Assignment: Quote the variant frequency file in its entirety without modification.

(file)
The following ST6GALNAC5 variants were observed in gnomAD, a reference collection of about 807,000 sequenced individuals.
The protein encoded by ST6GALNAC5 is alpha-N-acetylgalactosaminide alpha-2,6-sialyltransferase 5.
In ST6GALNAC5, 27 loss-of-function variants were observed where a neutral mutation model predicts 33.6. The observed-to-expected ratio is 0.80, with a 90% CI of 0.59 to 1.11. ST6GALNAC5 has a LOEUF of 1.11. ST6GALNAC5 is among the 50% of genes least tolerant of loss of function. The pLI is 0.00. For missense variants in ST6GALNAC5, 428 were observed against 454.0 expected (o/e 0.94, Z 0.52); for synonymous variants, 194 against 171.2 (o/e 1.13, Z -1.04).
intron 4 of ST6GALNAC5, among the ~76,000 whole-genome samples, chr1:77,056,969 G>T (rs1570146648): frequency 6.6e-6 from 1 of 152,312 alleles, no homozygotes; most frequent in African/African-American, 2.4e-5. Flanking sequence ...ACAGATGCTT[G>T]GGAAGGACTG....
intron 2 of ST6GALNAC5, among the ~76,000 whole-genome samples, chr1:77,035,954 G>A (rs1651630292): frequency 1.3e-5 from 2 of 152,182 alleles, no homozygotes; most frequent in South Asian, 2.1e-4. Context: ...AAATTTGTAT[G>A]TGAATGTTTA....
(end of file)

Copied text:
The following ST6GALNAC5 variants were observed in gnomAD, a reference collection of about 807,000 sequenced individuals.
The protein encoded by ST6GALNAC5 is alpha-N-acetylgalactosaminide alpha-2,6-sialyltransferase 5.
In ST6GALNAC5, 27 loss-of-function variants were observed where a neutral mutation model predicts 33.6. The observed-to-expected ratio is 0.80, with a 90% CI of 0.59 to 1.11. ST6GALNAC5 has a LOEUF of 1.11. ST6GALNAC5 is among the 50% of genes least tolerant of loss of function. The pLI is 0.00. For missense variants in ST6GALNAC5, 428 were observed against 454.0 expected (o/e 0.94, Z 0.52); for synonymous variants, 194 against 171.2 (o/e 1.13, Z -1.04).
intron 4 of ST6GALNAC5, among the ~76,000 whole-genome samples, chr1:77,056,969 G>T (rs1570146648): frequency 6.6e-6 from 1 of 152,312 alleles, no homozygotes; most frequent in African/African-American, 2.4e-5. Flanking sequence ...ACAGATGCTT[G>T]GGAAGGACTG....
intron 2 of ST6GALNAC5, among the ~76,000 whole-genome samples, chr1:77,035,954 G>A (rs1651630292): frequency 1.3e-5 from 2 of 152,182 alleles, no homozygotes; most frequent in South Asian, 2.1e-4. Context: ...AAATTTGTAT[G>A]TGAATGTTTA....